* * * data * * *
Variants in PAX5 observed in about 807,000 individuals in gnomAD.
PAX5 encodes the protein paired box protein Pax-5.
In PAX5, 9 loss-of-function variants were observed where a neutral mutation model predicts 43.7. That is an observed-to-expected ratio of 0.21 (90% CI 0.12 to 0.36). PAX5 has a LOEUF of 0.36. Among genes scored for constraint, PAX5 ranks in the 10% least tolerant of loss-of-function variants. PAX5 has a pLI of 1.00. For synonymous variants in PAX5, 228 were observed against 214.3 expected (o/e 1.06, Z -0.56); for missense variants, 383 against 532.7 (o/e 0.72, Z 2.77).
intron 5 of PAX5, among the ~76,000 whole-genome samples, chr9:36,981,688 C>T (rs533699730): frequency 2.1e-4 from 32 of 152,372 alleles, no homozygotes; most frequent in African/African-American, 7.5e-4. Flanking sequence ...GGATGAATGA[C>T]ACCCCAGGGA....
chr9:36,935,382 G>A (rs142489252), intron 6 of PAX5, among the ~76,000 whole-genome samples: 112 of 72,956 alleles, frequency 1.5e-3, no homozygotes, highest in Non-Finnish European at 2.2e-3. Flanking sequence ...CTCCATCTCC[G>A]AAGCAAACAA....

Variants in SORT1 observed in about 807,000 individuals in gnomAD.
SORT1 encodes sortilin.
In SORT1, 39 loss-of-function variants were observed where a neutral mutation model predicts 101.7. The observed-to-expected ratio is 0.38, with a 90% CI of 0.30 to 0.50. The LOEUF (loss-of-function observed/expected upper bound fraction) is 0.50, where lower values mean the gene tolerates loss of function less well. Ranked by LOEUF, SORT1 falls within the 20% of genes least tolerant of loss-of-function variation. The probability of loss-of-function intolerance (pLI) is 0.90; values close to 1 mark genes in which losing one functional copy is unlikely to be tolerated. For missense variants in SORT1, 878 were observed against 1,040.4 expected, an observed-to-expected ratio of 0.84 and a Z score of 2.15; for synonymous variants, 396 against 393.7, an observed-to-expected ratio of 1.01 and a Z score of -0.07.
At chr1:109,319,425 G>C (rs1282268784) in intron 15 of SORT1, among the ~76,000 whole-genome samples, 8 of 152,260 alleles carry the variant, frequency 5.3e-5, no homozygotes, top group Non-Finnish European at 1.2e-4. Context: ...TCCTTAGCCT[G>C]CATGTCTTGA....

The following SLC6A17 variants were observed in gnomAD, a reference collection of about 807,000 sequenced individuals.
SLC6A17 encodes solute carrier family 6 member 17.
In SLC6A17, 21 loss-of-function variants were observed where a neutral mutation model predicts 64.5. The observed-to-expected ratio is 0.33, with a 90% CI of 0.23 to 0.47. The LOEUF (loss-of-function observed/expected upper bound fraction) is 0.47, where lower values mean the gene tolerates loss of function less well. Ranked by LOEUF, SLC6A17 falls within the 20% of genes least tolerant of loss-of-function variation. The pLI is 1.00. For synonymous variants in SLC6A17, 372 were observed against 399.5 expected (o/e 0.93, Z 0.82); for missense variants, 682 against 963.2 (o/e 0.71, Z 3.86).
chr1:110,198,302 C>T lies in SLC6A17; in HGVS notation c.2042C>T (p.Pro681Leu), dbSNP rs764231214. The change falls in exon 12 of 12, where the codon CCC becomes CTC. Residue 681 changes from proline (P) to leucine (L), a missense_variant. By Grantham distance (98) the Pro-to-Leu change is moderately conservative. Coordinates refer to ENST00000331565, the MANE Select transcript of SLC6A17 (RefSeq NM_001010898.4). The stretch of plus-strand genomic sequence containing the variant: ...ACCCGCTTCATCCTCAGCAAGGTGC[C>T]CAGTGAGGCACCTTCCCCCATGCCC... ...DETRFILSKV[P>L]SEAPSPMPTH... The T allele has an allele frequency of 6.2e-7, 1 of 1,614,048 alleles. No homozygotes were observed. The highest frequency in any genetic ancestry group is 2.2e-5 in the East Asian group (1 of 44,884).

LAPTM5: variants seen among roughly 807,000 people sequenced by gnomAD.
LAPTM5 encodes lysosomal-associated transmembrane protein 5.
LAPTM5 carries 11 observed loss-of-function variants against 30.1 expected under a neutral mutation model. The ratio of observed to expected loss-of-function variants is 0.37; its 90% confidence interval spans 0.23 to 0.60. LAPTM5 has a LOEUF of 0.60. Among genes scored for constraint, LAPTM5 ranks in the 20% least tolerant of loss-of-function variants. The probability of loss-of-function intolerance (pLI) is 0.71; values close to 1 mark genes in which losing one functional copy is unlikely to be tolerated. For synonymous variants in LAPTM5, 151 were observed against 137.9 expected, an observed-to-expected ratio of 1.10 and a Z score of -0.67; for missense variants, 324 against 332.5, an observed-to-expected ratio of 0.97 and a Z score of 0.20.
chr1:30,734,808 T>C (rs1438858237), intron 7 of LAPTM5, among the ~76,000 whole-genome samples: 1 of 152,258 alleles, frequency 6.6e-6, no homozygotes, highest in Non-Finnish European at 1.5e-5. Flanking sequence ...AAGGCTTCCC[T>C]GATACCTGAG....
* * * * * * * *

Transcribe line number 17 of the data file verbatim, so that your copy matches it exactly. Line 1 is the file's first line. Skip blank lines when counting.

chr1:30,734,808 T>C (rs1438858237), intron 7 of LAPTM5, among the ~76,000 whole-genome samples: 1 of 152,258 alleles, frequency 6.6e-6, no homozygotes, highest in Non-Finnish European at 1.5e-5. Flanking sequence ...AAGGCTTCCC[T>C]GATACCTGAG....